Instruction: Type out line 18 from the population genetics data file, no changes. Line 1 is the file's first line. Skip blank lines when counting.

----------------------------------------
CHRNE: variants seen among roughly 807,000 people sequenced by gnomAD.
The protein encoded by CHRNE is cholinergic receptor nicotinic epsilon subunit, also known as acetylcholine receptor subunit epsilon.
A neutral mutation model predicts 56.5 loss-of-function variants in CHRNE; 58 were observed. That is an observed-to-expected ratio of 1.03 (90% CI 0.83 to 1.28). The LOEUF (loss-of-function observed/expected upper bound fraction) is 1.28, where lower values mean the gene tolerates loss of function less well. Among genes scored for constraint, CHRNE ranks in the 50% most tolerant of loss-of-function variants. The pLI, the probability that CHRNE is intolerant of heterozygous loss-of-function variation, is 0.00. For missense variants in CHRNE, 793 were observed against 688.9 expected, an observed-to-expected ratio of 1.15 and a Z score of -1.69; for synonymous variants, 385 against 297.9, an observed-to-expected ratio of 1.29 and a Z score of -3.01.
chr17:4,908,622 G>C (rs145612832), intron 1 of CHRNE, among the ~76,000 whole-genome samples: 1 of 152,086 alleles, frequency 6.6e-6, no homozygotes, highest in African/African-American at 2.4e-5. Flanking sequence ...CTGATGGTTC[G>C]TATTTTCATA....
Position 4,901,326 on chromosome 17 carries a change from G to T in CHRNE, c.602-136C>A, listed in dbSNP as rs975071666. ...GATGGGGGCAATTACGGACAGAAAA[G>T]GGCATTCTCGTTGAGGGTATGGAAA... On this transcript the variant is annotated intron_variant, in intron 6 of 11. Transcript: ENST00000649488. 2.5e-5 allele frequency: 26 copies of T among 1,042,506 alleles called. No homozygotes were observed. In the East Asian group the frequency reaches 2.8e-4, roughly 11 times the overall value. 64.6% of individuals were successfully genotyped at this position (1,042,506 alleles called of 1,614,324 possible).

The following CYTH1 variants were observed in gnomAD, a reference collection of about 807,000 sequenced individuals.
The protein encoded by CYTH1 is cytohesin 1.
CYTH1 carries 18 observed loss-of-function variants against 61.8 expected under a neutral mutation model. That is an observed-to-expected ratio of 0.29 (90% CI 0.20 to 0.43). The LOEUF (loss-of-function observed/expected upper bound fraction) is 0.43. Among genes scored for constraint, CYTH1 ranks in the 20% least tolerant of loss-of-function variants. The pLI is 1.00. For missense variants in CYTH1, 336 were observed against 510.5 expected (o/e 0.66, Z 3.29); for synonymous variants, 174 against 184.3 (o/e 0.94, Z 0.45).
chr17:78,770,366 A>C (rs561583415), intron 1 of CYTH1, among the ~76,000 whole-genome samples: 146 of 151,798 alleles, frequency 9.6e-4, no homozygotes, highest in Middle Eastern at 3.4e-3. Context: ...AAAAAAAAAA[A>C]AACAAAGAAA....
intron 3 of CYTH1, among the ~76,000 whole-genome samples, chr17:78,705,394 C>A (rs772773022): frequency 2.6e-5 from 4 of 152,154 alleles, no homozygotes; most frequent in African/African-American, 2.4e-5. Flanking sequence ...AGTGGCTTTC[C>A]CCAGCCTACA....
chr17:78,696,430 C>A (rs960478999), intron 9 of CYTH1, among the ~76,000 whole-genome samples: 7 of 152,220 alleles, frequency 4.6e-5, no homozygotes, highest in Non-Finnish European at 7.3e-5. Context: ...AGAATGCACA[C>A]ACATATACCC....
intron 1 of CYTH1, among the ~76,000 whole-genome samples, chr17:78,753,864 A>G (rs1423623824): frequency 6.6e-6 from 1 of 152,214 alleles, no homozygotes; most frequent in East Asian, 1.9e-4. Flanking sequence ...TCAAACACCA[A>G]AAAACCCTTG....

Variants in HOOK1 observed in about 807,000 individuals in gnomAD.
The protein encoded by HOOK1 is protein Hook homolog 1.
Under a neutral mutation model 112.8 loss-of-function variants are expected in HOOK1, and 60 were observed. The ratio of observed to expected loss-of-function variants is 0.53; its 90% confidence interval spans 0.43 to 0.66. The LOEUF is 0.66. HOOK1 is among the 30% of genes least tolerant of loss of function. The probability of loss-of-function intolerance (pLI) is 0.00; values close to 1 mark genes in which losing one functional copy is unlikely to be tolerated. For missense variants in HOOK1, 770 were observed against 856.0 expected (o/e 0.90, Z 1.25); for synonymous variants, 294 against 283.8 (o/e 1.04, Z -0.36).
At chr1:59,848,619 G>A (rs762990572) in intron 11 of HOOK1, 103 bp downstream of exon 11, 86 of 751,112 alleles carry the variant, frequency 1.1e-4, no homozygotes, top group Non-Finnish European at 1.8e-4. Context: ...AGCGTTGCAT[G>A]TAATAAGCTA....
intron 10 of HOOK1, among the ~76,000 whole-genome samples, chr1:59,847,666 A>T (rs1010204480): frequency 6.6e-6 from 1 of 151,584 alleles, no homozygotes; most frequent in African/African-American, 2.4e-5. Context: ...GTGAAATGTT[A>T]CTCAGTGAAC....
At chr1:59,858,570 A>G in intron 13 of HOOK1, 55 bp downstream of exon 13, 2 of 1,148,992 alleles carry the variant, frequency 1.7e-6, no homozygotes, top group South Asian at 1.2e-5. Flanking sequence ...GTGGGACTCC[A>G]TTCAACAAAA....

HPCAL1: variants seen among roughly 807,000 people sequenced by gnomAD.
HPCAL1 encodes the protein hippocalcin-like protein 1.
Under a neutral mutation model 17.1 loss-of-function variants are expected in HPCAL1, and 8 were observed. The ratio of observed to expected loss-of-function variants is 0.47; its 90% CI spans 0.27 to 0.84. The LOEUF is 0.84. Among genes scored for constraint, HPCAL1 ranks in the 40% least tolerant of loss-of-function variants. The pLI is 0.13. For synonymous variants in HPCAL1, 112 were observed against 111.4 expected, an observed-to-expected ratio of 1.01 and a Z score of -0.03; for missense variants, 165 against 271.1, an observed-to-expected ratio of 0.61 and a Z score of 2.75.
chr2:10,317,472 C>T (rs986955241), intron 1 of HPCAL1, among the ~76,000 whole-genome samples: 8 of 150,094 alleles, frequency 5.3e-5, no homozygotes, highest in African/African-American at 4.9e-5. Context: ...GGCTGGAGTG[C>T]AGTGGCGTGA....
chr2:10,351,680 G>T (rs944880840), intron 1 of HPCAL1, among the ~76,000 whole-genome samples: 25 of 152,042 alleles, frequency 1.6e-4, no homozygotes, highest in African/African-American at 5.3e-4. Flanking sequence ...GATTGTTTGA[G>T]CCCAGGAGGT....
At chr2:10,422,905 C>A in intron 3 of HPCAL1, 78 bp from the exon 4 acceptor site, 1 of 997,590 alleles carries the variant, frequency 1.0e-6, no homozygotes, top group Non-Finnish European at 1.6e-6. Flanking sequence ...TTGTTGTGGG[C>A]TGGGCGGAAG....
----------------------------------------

At chr1:59,858,570 A>G in intron 13 of HOOK1, 55 bp downstream of exon 13, 2 of 1,148,992 alleles carry the variant, frequency 1.7e-6, no homozygotes, top group South Asian at 1.2e-5. Flanking sequence ...GTGGGACTCC[A>G]TTCAACAAAA....